On April 23, Bangladesh’s coast guards conveyed a clear message stating, “Not a single Rohingya will be allowed to enter [Bangladesh].” A commentary mirroring the government’s position painted in a recent interview by Foreign Minister Abdul Momen. Robust words carrying a sense of déjà vu recounting back to the 70s, when Vietnamese boat people sought refuge in neighboring nations, but were profusely denied entry.
A similar occurrence took place in April when Italy closed its ports on the basis of public health concerns. Malaysia’s latest denial of entry to a boat carrying 200 Rohingya refugees was warranted on the same grounds, as was the case in Cyprus. A treacherous pattern is raising implications as to whether governments are using the global pandemic as a pretext to ignore international law by systematically overlooking the notion of non-refoulement. A concept faintly known by the casual reader yet a crucial principle established in international law, non-refoulement forbids governments from returning refugees and asylum seekers to countries where they fear persecution. Notably, the norm is found under the 1951 UN convention relating to the status of refugees, to which Malaysia is not a party; however, the principle is likewise accentuated in general international human rights law.
Undoubtedly, public health serves as a valid cause to invoke extraordinary national security measures, nonetheless in delicate times such as these, the international community should hold nations accountable in order to avoid closing ports of entry. As UNHCR highlights, we are currently “witnessing the highest levels of human displacement on record.” Figures include 70.8 million forcibly displaced persons, of which 41.3 million are internally displaced. Of the current prevalent refugee crisis (Syria, Afghanistan, South Sudan, Myanmar and Somalia), it is noted that the amount of asylum seekers have not decreased, but rather augmented. Thus, alluding to the notion that international law must not be ignored nor diminished, and stricter condemnation must be elevated in order to avoid a worsening of the world’s largest humanitarian emergency.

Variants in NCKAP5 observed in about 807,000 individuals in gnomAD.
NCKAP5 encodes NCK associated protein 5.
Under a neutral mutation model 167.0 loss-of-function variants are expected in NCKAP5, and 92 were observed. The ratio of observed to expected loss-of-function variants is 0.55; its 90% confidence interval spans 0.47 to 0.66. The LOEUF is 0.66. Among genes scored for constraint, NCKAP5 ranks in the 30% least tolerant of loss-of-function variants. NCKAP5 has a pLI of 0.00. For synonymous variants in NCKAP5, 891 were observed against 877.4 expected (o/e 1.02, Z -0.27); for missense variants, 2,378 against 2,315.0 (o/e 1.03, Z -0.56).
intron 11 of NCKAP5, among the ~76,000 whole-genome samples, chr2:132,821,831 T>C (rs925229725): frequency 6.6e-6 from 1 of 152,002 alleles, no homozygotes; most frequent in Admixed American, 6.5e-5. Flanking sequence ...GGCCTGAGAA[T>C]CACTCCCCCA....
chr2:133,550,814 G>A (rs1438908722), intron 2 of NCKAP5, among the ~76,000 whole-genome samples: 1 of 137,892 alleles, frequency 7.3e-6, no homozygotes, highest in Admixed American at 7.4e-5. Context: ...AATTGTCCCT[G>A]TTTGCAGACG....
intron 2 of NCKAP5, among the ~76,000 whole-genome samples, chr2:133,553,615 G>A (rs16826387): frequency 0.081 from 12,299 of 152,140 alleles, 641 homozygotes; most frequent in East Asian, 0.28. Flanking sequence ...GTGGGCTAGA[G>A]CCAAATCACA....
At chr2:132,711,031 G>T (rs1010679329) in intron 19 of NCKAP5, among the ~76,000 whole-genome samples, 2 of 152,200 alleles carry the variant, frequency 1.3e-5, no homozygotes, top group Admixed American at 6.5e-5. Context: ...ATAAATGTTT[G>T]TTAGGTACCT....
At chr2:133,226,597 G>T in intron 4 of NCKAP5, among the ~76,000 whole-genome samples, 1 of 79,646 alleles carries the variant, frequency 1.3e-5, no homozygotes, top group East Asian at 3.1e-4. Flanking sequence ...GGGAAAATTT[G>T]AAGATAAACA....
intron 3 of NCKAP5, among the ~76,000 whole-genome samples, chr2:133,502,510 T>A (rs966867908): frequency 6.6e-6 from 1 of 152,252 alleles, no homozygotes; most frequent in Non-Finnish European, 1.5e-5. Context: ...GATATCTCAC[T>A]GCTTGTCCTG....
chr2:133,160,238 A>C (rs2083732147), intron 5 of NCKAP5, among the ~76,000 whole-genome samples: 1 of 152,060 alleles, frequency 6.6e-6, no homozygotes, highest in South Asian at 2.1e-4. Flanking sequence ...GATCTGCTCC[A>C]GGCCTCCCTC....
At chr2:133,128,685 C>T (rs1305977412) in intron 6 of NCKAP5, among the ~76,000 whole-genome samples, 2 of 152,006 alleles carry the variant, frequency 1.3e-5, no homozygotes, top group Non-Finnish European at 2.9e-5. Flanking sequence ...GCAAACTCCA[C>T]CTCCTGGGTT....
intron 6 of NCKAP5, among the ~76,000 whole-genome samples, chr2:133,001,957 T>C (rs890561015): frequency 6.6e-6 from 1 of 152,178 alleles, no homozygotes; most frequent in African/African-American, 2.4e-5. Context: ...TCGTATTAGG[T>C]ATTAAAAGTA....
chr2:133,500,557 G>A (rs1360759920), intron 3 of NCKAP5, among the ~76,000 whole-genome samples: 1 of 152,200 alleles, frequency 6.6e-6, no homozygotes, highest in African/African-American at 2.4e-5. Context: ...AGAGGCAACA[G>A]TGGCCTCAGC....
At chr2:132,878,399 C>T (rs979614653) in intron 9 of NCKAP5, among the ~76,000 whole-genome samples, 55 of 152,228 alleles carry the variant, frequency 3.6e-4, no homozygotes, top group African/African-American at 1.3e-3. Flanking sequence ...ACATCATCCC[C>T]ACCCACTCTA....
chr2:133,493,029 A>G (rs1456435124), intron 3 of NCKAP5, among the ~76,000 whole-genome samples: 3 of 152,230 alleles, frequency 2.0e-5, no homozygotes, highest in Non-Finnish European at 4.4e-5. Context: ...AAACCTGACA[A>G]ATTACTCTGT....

As the western world has been heavily impacted by the ripple effects caused by COVID-19, nations must work closely to uplift the importance of respecting international law, specifically when it comes to implementing new national norms. A shift in stance on refugee policy has been emerging over the past couple of months, as seen in January with Ethiopia’s denial of asylum seekers requesting refugee status, where children have been impacted the most. In December, UNHCR claimed 27 percent of children arriving at Ethiopian refugee camps were unaccompanied. Even though Ethiopia has not based their redefined policies on public health grounds, a pandemic seems to serve as a reasonable delineation as to why refugees should not be seeking asylum. Concerns however remain as to whether countries will deploy the “public health” rationale for a prolonged period, resulting in temporary policies becoming indefinite ones.